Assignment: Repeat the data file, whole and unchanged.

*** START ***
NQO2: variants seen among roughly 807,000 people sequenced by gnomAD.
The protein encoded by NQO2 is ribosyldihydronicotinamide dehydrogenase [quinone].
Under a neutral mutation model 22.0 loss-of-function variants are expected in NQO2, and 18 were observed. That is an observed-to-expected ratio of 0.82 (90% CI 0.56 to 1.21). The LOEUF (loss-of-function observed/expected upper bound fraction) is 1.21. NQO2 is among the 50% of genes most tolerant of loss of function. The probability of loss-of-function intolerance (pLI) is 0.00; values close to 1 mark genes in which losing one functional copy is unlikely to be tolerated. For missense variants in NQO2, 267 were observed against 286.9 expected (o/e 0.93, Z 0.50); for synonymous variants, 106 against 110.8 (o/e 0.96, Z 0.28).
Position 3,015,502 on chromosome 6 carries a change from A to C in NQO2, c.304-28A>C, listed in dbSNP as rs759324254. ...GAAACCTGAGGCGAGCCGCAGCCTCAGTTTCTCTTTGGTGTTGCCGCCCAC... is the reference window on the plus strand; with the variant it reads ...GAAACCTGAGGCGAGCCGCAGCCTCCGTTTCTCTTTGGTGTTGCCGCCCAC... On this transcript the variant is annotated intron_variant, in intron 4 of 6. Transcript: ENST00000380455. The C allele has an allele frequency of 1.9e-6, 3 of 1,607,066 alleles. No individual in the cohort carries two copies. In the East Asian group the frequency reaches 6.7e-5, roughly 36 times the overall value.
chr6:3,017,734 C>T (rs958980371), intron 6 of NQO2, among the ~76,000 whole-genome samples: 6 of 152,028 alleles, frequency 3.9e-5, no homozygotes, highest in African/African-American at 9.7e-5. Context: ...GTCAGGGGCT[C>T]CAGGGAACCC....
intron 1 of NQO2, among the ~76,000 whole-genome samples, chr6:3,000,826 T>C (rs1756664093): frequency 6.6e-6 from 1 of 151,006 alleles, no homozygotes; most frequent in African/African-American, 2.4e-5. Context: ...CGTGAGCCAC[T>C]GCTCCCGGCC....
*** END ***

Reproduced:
NQO2: variants seen among roughly 807,000 people sequenced by gnomAD.
The protein encoded by NQO2 is ribosyldihydronicotinamide dehydrogenase [quinone].
Under a neutral mutation model 22.0 loss-of-function variants are expected in NQO2, and 18 were observed. That is an observed-to-expected ratio of 0.82 (90% CI 0.56 to 1.21). The LOEUF (loss-of-function observed/expected upper bound fraction) is 1.21. NQO2 is among the 50% of genes most tolerant of loss of function. The probability of loss-of-function intolerance (pLI) is 0.00; values close to 1 mark genes in which losing one functional copy is unlikely to be tolerated. For missense variants in NQO2, 267 were observed against 286.9 expected (o/e 0.93, Z 0.50); for synonymous variants, 106 against 110.8 (o/e 0.96, Z 0.28).
Position 3,015,502 on chromosome 6 carries a change from A to C in NQO2, c.304-28A>C, listed in dbSNP as rs759324254. ...GAAACCTGAGGCGAGCCGCAGCCTCAGTTTCTCTTTGGTGTTGCCGCCCAC... is the reference window on the plus strand; with the variant it reads ...GAAACCTGAGGCGAGCCGCAGCCTCCGTTTCTCTTTGGTGTTGCCGCCCAC... On this transcript the variant is annotated intron_variant, in intron 4 of 6. Transcript: ENST00000380455. The C allele has an allele frequency of 1.9e-6, 3 of 1,607,066 alleles. No individual in the cohort carries two copies. In the East Asian group the frequency reaches 6.7e-5, roughly 36 times the overall value.
chr6:3,017,734 C>T (rs958980371), intron 6 of NQO2, among the ~76,000 whole-genome samples: 6 of 152,028 alleles, frequency 3.9e-5, no homozygotes, highest in African/African-American at 9.7e-5. Context: ...GTCAGGGGCT[C>T]CAGGGAACCC....
intron 1 of NQO2, among the ~76,000 whole-genome samples, chr6:3,000,826 T>C (rs1756664093): frequency 6.6e-6 from 1 of 151,006 alleles, no homozygotes; most frequent in African/African-American, 2.4e-5. Context: ...CGTGAGCCAC[T>C]GCTCCCGGCC....